Cardiac involvement in MRI in young population after COVID-19: A single tertiary center experience


Erdol M. A. , Ozbay M. B. , Yayla C., ARSLAN H. , Isiksalan Ozbulbul N., Ozcan Cetin E. H. , ...More

Echocardiography, 2021 (Journal Indexed in SCI Expanded) identifier identifier

  • Publication Type: Article / Article
  • Volume:
  • Publication Date: 2021
  • Doi Number: 10.1111/echo.15160
  • Title of Journal : Echocardiography

Abstract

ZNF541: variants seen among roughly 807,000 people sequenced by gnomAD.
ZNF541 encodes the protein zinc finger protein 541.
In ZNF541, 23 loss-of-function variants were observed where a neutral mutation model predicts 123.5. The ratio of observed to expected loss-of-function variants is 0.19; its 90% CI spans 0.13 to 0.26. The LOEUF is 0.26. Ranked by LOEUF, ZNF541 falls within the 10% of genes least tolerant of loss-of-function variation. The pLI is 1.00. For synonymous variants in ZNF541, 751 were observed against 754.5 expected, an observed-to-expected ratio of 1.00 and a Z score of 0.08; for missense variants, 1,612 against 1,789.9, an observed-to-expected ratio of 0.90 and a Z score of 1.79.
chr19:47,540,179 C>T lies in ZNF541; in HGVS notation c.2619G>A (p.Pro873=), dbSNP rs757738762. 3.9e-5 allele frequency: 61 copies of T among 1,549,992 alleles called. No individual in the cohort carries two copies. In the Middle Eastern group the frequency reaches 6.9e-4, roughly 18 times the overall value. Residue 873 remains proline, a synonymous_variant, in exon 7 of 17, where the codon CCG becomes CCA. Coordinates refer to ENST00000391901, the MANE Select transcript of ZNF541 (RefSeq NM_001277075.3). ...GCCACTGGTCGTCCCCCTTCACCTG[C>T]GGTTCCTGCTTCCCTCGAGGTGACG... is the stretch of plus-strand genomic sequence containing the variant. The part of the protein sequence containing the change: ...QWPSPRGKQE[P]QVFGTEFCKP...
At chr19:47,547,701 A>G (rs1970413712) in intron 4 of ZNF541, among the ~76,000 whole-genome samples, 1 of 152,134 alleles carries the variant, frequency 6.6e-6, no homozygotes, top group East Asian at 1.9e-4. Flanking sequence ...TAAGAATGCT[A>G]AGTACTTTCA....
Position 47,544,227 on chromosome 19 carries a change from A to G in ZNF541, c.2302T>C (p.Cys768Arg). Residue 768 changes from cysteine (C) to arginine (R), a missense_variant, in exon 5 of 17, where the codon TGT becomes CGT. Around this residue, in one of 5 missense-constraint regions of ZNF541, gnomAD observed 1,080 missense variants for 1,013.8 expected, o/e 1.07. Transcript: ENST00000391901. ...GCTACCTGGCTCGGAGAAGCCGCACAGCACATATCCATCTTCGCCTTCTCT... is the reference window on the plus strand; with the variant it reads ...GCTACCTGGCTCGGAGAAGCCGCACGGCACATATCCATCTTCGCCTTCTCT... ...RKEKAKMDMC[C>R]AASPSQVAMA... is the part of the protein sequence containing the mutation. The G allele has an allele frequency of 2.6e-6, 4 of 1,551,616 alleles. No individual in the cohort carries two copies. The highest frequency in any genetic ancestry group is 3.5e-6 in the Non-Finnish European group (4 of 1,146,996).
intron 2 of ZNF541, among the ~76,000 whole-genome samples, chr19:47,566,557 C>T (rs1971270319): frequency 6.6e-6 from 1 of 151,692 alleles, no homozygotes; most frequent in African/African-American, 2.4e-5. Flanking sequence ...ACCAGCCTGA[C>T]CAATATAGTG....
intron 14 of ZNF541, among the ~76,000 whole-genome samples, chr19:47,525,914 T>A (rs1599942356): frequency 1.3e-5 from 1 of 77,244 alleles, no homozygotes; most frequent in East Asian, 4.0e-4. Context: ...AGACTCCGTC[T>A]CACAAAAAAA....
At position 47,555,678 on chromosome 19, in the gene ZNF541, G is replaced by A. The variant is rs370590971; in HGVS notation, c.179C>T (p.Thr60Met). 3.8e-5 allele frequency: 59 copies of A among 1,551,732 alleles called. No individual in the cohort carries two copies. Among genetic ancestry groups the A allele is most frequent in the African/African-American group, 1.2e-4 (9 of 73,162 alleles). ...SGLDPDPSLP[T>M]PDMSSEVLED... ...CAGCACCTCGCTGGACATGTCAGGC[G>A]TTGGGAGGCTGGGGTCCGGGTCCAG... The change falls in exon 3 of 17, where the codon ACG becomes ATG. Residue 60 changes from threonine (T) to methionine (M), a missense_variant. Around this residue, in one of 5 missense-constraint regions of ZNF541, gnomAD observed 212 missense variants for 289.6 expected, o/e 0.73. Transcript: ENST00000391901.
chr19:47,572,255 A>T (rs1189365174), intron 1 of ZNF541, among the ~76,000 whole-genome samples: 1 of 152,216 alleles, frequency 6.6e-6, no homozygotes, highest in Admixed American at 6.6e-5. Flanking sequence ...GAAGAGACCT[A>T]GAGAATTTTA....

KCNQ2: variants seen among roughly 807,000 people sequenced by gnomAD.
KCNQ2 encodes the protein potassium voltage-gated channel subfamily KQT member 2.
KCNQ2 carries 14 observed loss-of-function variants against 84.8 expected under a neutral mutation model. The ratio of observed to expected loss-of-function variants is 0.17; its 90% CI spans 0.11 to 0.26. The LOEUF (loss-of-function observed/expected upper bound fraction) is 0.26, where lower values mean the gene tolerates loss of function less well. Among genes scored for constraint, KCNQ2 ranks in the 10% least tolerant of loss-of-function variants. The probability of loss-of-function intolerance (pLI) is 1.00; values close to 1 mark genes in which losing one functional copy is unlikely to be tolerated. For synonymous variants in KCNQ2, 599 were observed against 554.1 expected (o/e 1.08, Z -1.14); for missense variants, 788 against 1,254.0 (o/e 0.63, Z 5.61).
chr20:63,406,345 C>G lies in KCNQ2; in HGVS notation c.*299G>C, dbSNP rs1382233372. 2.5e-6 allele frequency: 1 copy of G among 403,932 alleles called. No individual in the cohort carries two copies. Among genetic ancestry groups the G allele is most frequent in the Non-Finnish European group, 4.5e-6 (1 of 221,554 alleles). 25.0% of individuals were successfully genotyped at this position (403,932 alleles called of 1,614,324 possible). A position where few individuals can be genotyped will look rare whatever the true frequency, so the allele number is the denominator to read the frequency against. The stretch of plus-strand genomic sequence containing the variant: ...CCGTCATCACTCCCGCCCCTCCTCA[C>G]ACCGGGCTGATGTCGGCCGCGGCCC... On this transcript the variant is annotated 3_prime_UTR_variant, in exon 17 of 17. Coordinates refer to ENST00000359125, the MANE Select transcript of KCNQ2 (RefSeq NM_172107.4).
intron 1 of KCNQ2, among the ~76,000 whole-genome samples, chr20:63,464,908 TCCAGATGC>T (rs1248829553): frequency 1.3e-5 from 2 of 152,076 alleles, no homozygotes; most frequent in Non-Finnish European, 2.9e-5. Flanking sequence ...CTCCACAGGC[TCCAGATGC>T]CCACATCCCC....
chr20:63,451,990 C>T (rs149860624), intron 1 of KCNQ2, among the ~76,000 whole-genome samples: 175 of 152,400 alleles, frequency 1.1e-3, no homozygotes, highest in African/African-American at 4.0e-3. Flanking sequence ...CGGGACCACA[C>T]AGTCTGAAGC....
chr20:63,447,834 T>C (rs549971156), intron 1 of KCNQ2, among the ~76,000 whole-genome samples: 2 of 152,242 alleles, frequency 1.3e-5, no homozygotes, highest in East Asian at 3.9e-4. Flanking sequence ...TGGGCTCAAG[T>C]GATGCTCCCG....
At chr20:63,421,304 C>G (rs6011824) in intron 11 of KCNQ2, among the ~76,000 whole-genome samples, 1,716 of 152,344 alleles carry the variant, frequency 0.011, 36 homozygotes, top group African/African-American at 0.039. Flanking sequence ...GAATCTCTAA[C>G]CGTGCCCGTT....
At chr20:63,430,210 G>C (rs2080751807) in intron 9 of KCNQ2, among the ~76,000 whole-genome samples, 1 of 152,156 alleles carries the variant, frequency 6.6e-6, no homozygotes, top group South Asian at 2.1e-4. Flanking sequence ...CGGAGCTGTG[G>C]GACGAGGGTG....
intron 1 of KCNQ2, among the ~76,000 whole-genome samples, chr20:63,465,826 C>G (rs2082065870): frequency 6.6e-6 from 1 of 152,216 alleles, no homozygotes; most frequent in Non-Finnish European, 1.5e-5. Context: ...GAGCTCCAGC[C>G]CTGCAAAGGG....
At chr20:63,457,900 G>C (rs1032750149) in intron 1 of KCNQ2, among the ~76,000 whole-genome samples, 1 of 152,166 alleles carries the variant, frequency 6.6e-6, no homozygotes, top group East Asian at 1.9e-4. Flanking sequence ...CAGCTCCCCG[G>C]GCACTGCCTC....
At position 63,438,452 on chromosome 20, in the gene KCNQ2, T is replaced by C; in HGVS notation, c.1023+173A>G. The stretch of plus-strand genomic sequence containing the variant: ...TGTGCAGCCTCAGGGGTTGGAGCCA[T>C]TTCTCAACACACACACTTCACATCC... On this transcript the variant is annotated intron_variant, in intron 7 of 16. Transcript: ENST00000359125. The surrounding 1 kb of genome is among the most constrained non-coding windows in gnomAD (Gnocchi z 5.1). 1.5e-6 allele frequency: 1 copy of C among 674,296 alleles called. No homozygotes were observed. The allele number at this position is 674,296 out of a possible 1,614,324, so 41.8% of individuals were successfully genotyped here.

© 2021 Wiley Periodicals LLCBackground: Coronavirus 2019 (COVID-19) causes morbidity and mortality in an increasing number of people worldwide. Although it mainly affects the respiratory system, it influences all organs, including the heart. It is associated with a broad spectrum of widespread cardiovascular problems ranging from mild myocardial injury to fulminant myocarditis. We aimed to evaluate the presence and prevalence of cardiac involvement in asymptomatic or symptomatic patients after they recovered from COVID 19 infection. Methods: A total of 100 consecutive patients with COVID-19 proven by reverse transcription polymerase chain reaction (RT-PCR), under 40 years of age and without any known additional chronic diseases were analyzed retrospectively for cardiac magnetic resonance (CMR) results and symptoms. Results: Cardiac involvement was detected in 49 out of 100 patients on CMR imaging. In the cardiac involvement group, the number of patients with chest pain and/or dyspnea was 41 (84%), which was statistically significant (p = 0.001). Twenty-four patients (47%) in the without cardiac involvement group were asymptomatic and this was also statistically significant (p = 0.001). LV ejection fraction was statistically significantly lower in the group with cardiac involvement (61% vs 66%, p = 0.001). LV stroke volume and tricuspid annular plane systolic excursion (TAPSE) were statistically significantly lower in patients with cardiac involvement (p = 0.028 and p = 0.019, respectively). Conclusion: Based on single center experience, myocardial involvement is common in symptomatic patients after COVID-19. More studies are needed for long-term side effects and clinical results in these patients.